After that it was easy. I ran through across the airfield, past the rows of orbiters, clear to the territory wall. I heard movement behind me, and I was afraid someone would have the sense to shoot me, and that would be that. But no one did—lumbering incompetents. I jumped over the low territory wall in one leap, and out onto the packed clay of the plains.

There was a lot of land between me and the farm. Once I was out there, following the lift line didn’t seem like such a good idea. I didn’t think the Jhibrixins had a way to catch me, but there was a lot about them I’d “known” that had turned out not to be true.

I followed it anyway. I needed the shortest route possible or I didn’t have a chance. The silhouette of the lift against the skyline looked different, and it took me a moment to figure out what had happened. While I had been imprisoned (how long?), it had been dismantled for summer. Only the pillars stood up alone in the baking earth. A devil wind sprang out of nowhere and flung me several meters to land on my back on the rocks. I stood and continued walking.

Zoë, I thought, now would be a good time to rescue me. Back on the farm, she never failed to bring me out of the sun when I stood repositioning solar sheets for too long. Sometimes she would kill something for me to eat, though it expended more energy for her to do it than it would have taken me. She was like that, and as I shielded my eyes with my hands and looked out over the lifeless dust, I half expected to see her walking towards me, arms outstretched.

“Yeah,” I said. My voice barely made it past my parched throat. I realized I had stopped in my tracks and was just standing in the middle of the plains. Sure, Zoë had walked across the flatlands in the devil-winds, in a random direction, in the hopes that she might find me. If Zoë had any sense she was asleep in her burrow. I wasn’t going to see her again.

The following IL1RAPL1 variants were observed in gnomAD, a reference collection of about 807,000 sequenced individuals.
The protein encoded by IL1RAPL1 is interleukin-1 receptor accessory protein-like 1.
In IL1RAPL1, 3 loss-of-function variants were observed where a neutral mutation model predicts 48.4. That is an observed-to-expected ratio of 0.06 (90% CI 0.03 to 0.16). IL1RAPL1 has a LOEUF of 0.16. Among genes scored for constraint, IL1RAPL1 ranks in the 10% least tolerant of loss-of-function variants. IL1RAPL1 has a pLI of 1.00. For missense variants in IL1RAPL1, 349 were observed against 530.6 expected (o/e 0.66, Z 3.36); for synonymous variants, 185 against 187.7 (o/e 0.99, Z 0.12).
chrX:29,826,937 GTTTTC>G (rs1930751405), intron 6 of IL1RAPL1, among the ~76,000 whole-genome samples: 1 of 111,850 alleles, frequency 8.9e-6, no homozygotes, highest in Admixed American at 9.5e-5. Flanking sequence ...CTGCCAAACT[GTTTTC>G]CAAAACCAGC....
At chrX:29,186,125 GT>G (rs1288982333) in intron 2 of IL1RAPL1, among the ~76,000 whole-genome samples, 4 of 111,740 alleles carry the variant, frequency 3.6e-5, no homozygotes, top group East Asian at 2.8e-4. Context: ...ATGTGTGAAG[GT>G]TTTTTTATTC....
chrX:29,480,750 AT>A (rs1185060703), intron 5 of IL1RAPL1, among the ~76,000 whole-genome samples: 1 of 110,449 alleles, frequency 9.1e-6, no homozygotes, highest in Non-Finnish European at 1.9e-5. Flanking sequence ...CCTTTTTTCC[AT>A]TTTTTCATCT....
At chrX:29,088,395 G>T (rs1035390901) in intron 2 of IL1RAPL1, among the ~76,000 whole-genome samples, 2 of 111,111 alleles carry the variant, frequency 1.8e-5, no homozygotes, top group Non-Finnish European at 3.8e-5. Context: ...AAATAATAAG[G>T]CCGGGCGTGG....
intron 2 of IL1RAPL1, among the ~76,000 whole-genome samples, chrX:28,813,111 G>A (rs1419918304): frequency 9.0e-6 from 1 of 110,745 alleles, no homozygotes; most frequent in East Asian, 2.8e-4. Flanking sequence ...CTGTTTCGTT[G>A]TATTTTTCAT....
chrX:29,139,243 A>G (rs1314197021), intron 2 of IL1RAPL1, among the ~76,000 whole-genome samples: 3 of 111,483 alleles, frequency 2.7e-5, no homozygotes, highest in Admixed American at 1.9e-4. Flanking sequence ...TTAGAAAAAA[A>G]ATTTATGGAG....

I kept walking. I desperately needed water. But now that I wasn’t trapped in a metal box or under the ground, finding it should be, not easy, but not impossible either. That was why these miserable, lifeless dust flats were called the plains, instead of the desert they sure as hell looked like to me. Finding water was a matter of knowing where to look. I started looking. Soon, by following the mineral lines as Zoë had shown me, I came to a crack in the ground, and followed it until it widened into a steep-walled gully. Jhibrixins could not climb, and used the gullies only as guides for putting down their roots and sucking the water lying next to the surface. But I could climb just fine, and I did. Once at the bottom of the gully I dug with my hands in the soft clay until water pooled in the hole. It tasted like shit, and was greasy to boot, but now I wasn’t about to die, and I could think of what to do next. I felt almost good.

Then I stuck my head over the rim of the gully and saw a vehicle on the horizon, in the direction of the airfield, coming straight towards me. I dove back down and almost cracked open my skull on a well-placed rock. This was very, very bad.

There was a law about wheeled vehicles: forbidden on the plains, the king had said. Something about the micro-flora in the subsoil. My request for an ATV had been denied. Thanks a lot, king, I thought. Should have told your other subjects about that one.

My white clothes would stand out like a beacon against the gray dust if I ran for it. “Repels Dirt!” the ad had said. Seemed like a good idea at the time. But I didn’t have time to hide in a hole hoping five well-trained Jhibrixins would just pass over me. How long until the climate went to hell around me? A week, three days? I rubbed mud into my clothing, ground it in with the palms of my hands. Then I rubbed it on my face and hands, for good measure. It smelled like axle grease. I stuck my head out of the hole, and looked. The truck, or whatever it was, was much closer.